A NY Times Magazine piece by Lydia Kiesling about her experiences with the Uzbek language begins:
Four years ago, the federal government paid me a large sum — a year of graduate-school tuition, plus a stipend — to study Uzbek at the University of Chicago. Uzbek is among the least commonly taught of the so-called Less Commonly Taught Languages, or L.C.T.L.s. So uncommonly is it taught, in fact, that without federal largess it would hardly be taught at all. Because I happened to speak decent Turkish, a cousin of Uzbek, and because I spent a week in Uzbekistan when I was 22, and because life is nothing if not a sequence of odd choices vaguely considered, for two years I sat in a room with two other students and produced some extremely literal translations.
It’s a charming reminiscence, but I’m bringing it here for this brief section:
The grammar is simple, but the history is complex. National borders can be risibly at odds with reality, especially in Central Asia, where Turks, Mongols, Persians and others roved and mingled, where “Uzbek” was, for a time, more of a descriptive antonym of “Tajik” — nomadic versus settled — than an ethnic classification. Later, the Soviets complicated things with mass reorganizations of their Central Asian subjects. The question of whether there is mutual intelligibility among Turkic languages is not simply a linguistic matter but an ideological one, at the core of nationalist movements that have formed and reformed across time and empires.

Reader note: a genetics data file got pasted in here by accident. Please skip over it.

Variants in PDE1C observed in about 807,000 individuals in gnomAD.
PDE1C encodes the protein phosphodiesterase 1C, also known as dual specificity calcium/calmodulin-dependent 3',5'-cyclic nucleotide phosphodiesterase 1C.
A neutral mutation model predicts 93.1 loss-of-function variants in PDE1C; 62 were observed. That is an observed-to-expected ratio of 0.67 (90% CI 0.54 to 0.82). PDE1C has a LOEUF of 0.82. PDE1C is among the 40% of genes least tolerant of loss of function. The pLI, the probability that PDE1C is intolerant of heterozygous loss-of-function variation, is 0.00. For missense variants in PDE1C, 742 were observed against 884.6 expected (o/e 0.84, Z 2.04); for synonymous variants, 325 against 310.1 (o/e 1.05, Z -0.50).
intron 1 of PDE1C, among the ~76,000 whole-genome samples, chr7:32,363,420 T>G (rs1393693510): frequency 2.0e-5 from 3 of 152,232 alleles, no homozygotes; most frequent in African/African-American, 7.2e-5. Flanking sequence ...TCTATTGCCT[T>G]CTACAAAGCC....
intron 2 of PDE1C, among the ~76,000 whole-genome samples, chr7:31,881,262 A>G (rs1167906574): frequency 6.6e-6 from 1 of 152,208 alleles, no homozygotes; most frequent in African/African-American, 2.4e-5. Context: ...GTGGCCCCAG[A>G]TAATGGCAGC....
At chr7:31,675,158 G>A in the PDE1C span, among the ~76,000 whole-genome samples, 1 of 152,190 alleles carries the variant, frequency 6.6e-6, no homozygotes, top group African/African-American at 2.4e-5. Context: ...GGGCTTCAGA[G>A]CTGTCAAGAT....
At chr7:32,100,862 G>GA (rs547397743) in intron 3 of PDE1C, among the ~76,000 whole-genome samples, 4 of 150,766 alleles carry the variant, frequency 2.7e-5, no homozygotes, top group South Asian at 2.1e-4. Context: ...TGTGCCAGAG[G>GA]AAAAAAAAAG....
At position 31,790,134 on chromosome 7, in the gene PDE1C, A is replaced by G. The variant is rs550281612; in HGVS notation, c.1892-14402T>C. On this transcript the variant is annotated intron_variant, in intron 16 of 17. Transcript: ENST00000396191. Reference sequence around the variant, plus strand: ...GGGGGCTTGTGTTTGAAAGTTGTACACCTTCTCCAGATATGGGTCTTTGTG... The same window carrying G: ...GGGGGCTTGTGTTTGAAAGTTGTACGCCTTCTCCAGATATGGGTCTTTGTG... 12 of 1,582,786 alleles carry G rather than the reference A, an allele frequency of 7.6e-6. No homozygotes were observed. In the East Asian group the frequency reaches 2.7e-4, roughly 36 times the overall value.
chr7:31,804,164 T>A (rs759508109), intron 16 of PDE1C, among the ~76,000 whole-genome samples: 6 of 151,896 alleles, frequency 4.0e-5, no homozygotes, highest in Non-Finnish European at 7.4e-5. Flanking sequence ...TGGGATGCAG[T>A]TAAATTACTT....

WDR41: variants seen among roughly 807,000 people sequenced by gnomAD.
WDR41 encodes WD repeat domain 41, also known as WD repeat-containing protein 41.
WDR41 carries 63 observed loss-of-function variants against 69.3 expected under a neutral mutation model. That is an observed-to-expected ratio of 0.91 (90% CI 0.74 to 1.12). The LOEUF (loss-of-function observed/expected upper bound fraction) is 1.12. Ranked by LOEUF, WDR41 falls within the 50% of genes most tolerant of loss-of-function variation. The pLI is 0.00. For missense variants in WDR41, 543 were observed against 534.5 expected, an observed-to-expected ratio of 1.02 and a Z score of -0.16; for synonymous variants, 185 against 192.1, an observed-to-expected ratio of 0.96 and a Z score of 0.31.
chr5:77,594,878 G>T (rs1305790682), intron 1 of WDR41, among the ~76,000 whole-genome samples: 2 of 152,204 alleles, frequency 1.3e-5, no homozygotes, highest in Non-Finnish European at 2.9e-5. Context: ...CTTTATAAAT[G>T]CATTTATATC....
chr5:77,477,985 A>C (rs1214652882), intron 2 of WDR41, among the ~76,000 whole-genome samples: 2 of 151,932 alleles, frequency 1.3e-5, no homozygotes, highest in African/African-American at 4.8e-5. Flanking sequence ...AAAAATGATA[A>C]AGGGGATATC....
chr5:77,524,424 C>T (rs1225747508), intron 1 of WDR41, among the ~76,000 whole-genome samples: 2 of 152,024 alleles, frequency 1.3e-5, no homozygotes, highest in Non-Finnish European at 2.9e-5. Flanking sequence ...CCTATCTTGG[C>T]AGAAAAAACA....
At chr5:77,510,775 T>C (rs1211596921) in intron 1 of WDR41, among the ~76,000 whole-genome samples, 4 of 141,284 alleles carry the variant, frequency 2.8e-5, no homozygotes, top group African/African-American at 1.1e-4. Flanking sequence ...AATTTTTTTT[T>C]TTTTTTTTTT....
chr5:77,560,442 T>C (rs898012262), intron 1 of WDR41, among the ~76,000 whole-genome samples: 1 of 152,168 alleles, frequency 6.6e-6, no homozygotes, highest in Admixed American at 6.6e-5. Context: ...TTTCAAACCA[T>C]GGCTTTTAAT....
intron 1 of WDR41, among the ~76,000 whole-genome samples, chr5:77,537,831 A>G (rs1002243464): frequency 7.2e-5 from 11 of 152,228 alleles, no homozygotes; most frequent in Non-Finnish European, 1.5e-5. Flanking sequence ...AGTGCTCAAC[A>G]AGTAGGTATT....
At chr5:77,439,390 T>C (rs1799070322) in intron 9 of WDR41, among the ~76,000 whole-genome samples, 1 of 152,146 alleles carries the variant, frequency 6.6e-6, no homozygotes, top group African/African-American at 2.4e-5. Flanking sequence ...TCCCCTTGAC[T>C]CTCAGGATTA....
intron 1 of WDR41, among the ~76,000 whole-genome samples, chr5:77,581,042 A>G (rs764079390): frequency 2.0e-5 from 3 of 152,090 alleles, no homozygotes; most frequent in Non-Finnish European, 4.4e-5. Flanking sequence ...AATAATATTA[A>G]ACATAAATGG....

There is more actual, verifiable, sensible information about language and history packed into those few sentences than in the entirety of most Times “news” articles on linguistic topics. Well done, Ms. Kiesling!